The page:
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With Linus Pauling’s birthday being 28 February (born 1901) perhaps it is fitting that we should reflect on at least one of his contributions to science at this time and ask what on earth he did to attract such disparagement from the medical fraternity in general.  I mean, the man was considered to be one of the greatest scientists of all time and if he were not unfairly denied permission to travel out of the USA in the early 50s he may well have won the Nobel Prize together with Watson and Crick for the discovery of DNA in England.  He made up for this later by being the only person ever to win two unshared Nobel Prizes, and he was nominated for four in all.

A doctor told me that Linus Pauling had not studied to be a medical doctor and this attracted ill-feeling from ‘real’ doctors because he was going around suggesting treatment for conditions such as cancer, the common cold and heart disease.  What effrontery – dabbling in medicine without a doctor’s degree!

Pauling had however discovered some deep secrets about the structure of proteins and with collagen being the most ubiquitous protein in the human body, holding everything together, and when I say everything I mean everything – bones, teeth, cartilage, skin, muscle, tendons, ligaments, blood vessels you name it, it was not long before he discovered the link between collagen and vitamin C: in order for the body to make collagen in the first place and then to maintain strong collagen, a goodly supply of the amino acids involved in making the protein, vitamin C and magnesium is required.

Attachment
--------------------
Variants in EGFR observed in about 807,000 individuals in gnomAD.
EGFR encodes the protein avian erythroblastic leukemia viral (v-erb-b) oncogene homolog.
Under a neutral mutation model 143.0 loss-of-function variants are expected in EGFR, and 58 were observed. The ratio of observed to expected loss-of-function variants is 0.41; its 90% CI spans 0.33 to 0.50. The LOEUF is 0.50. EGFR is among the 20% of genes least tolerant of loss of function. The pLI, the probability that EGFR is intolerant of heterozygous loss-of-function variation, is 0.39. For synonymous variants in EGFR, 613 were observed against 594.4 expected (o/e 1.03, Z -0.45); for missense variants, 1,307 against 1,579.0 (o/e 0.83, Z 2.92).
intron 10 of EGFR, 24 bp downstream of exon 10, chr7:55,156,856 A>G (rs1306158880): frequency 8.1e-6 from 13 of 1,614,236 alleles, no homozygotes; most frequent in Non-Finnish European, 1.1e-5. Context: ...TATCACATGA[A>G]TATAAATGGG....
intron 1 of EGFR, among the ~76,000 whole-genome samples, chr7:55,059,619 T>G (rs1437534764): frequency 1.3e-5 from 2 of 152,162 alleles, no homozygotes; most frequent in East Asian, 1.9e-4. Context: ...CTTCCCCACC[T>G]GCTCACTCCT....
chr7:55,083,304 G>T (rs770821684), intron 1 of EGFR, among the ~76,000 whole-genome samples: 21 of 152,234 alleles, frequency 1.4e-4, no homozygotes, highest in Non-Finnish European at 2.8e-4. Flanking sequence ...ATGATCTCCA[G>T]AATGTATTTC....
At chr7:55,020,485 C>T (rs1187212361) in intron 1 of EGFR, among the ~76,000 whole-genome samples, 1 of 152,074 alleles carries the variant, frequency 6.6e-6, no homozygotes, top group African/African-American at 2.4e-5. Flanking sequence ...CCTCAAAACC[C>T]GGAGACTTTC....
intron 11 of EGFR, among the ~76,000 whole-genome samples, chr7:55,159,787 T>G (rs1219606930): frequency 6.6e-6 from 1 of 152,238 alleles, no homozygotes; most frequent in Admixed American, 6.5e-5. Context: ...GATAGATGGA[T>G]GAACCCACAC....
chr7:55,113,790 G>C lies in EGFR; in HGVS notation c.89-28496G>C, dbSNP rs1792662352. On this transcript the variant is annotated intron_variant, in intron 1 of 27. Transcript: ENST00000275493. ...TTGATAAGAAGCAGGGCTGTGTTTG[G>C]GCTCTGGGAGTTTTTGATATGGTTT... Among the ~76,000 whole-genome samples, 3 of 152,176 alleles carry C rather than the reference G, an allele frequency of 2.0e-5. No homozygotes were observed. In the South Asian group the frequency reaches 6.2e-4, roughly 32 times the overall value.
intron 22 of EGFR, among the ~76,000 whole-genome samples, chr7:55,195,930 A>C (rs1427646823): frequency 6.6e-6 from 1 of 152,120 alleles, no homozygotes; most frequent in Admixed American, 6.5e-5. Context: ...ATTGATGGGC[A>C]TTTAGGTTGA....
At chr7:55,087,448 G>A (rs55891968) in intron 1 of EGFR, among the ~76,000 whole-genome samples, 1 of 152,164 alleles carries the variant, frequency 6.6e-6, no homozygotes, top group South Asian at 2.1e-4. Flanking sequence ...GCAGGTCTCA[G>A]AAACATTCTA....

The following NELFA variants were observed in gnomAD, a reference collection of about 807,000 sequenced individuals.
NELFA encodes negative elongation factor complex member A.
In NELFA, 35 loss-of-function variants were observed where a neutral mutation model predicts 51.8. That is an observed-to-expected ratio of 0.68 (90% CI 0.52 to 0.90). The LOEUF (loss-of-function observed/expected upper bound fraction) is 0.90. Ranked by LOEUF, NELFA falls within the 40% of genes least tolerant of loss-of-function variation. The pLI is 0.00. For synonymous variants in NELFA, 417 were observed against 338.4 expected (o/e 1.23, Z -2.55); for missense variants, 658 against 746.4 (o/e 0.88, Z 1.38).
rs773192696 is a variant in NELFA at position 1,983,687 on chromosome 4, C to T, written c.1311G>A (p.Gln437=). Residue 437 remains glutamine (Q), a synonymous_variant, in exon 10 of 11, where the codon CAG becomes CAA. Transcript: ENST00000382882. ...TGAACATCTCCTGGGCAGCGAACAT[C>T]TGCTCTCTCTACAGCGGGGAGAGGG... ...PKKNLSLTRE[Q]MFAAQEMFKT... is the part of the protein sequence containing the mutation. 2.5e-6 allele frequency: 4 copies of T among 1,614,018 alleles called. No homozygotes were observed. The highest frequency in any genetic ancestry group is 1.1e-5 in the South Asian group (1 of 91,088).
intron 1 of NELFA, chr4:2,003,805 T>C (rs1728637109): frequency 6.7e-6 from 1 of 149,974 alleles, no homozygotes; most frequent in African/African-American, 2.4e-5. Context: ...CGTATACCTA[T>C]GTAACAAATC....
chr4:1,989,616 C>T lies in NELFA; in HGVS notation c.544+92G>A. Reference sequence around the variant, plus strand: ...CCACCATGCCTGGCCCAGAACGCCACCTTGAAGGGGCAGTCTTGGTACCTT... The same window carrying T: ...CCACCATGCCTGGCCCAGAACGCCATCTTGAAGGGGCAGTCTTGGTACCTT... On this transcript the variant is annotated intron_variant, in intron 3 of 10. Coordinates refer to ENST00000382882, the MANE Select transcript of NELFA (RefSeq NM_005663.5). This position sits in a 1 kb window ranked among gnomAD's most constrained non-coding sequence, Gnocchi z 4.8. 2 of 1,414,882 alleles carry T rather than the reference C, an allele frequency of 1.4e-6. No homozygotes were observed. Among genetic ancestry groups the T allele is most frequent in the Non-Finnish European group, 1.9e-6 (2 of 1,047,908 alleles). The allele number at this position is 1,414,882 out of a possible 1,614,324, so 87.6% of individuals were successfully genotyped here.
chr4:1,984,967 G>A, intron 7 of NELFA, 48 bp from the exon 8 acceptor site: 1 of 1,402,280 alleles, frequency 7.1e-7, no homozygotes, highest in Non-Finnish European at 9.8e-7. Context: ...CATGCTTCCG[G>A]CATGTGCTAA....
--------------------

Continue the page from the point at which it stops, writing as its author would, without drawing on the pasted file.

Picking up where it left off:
The link between collagen health and vitamin C has long been observed: over two million mariners under sail in the eighteenth century died of scurvy for the lack of fresh fruit and vegetables in their shipboard diets.  The degradation of collagen in the gums caused teeth to loosen, the skin became blackened from the blood that leaked out of broken blood vessels and even the bones of limbs would come adrift at the point where they had broken and healed years before.  Death could be imminent but soon after resuming a diet rich in vitamin C health could be totally restored in a matter of days.

Pauling observed that the arteries of non-primate mammals like cats and dogs never got blocked with plaques whereas primate mammals (including humans) could die from the condition.   It was known   that humans and the other primates, cannot make their own vitamin C unlike the other non-primate mammals, and so Pauling began to investigate the association between the inability to make vitamin C and cardiovascular disease.  The reason why he looked into this was that vitamin C is vital to the health and integrity of the collagen meshwork that supports and connects the thin layer of flat cells which line the inside of all blood vessels.  This layer of cells, particularly in the arteries, takes quite a beating literally from the pulsating volumes of blood passing though at high pressure at least seventy times a minute day and night year in and year out.

Cardiovascular disease begins when little tears like ladders in a woman’s pantyhose form and these tiny lesions attract a certain species of cholesterol (fat carriers in the blood) to gather and stick in an attempt to shore up the damage like a hastily applied Band Aid.  This forms a fatty streak along the broken artery wall and if the artery is not repaired from the inside a cascade of events occurs to turn the Band Aid from a soft fatty mass into quite a blockage with muscle cells growing into it and calcium making it rock hard eventually.  If the surface of this blockage ruptures for any reason say from the ravages of constant high blood pressure, a clot will form and completely block the artery and the owner of the plaque will suffer a heart attack or stroke.